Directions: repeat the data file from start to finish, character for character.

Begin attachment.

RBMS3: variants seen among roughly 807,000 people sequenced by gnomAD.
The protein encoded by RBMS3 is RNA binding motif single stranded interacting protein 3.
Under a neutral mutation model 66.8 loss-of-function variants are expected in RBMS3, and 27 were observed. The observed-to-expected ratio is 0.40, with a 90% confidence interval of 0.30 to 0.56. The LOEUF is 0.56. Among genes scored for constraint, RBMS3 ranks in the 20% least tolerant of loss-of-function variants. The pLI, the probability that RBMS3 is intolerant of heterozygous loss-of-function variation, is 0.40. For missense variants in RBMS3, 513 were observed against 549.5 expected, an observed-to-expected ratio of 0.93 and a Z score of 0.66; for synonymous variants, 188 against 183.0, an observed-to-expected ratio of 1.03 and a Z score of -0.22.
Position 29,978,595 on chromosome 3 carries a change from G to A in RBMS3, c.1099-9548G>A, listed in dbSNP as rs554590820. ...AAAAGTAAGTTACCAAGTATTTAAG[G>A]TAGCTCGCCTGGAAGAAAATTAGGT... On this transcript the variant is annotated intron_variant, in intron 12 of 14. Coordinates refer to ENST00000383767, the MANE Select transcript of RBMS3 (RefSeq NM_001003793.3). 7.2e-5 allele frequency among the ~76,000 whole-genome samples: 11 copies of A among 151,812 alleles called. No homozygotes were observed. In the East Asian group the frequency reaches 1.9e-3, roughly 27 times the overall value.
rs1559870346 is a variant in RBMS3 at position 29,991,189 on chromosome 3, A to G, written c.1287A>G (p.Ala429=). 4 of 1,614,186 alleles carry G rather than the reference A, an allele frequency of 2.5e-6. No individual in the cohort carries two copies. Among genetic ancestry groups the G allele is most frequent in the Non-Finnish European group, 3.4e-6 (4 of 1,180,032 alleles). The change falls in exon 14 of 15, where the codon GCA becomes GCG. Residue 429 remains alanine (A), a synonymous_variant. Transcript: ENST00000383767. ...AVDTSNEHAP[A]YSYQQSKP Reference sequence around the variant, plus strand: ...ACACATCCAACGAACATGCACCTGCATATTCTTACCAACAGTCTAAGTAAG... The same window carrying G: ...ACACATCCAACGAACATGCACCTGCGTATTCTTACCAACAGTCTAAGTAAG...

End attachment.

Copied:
RBMS3: variants seen among roughly 807,000 people sequenced by gnomAD.
The protein encoded by RBMS3 is RNA binding motif single stranded interacting protein 3.
Under a neutral mutation model 66.8 loss-of-function variants are expected in RBMS3, and 27 were observed. The observed-to-expected ratio is 0.40, with a 90% confidence interval of 0.30 to 0.56. The LOEUF is 0.56. Among genes scored for constraint, RBMS3 ranks in the 20% least tolerant of loss-of-function variants. The pLI, the probability that RBMS3 is intolerant of heterozygous loss-of-function variation, is 0.40. For missense variants in RBMS3, 513 were observed against 549.5 expected, an observed-to-expected ratio of 0.93 and a Z score of 0.66; for synonymous variants, 188 against 183.0, an observed-to-expected ratio of 1.03 and a Z score of -0.22.
Position 29,978,595 on chromosome 3 carries a change from G to A in RBMS3, c.1099-9548G>A, listed in dbSNP as rs554590820. ...AAAAGTAAGTTACCAAGTATTTAAG[G>A]TAGCTCGCCTGGAAGAAAATTAGGT... On this transcript the variant is annotated intron_variant, in intron 12 of 14. Coordinates refer to ENST00000383767, the MANE Select transcript of RBMS3 (RefSeq NM_001003793.3). 7.2e-5 allele frequency among the ~76,000 whole-genome samples: 11 copies of A among 151,812 alleles called. No homozygotes were observed. In the East Asian group the frequency reaches 1.9e-3, roughly 27 times the overall value.
rs1559870346 is a variant in RBMS3 at position 29,991,189 on chromosome 3, A to G, written c.1287A>G (p.Ala429=). 4 of 1,614,186 alleles carry G rather than the reference A, an allele frequency of 2.5e-6. No individual in the cohort carries two copies. Among genetic ancestry groups the G allele is most frequent in the Non-Finnish European group, 3.4e-6 (4 of 1,180,032 alleles). The change falls in exon 14 of 15, where the codon GCA becomes GCG. Residue 429 remains alanine (A), a synonymous_variant. Transcript: ENST00000383767. ...AVDTSNEHAP[A]YSYQQSKP Reference sequence around the variant, plus strand: ...ACACATCCAACGAACATGCACCTGCATATTCTTACCAACAGTCTAAGTAAG... The same window carrying G: ...ACACATCCAACGAACATGCACCTGCGTATTCTTACCAACAGTCTAAGTAAG...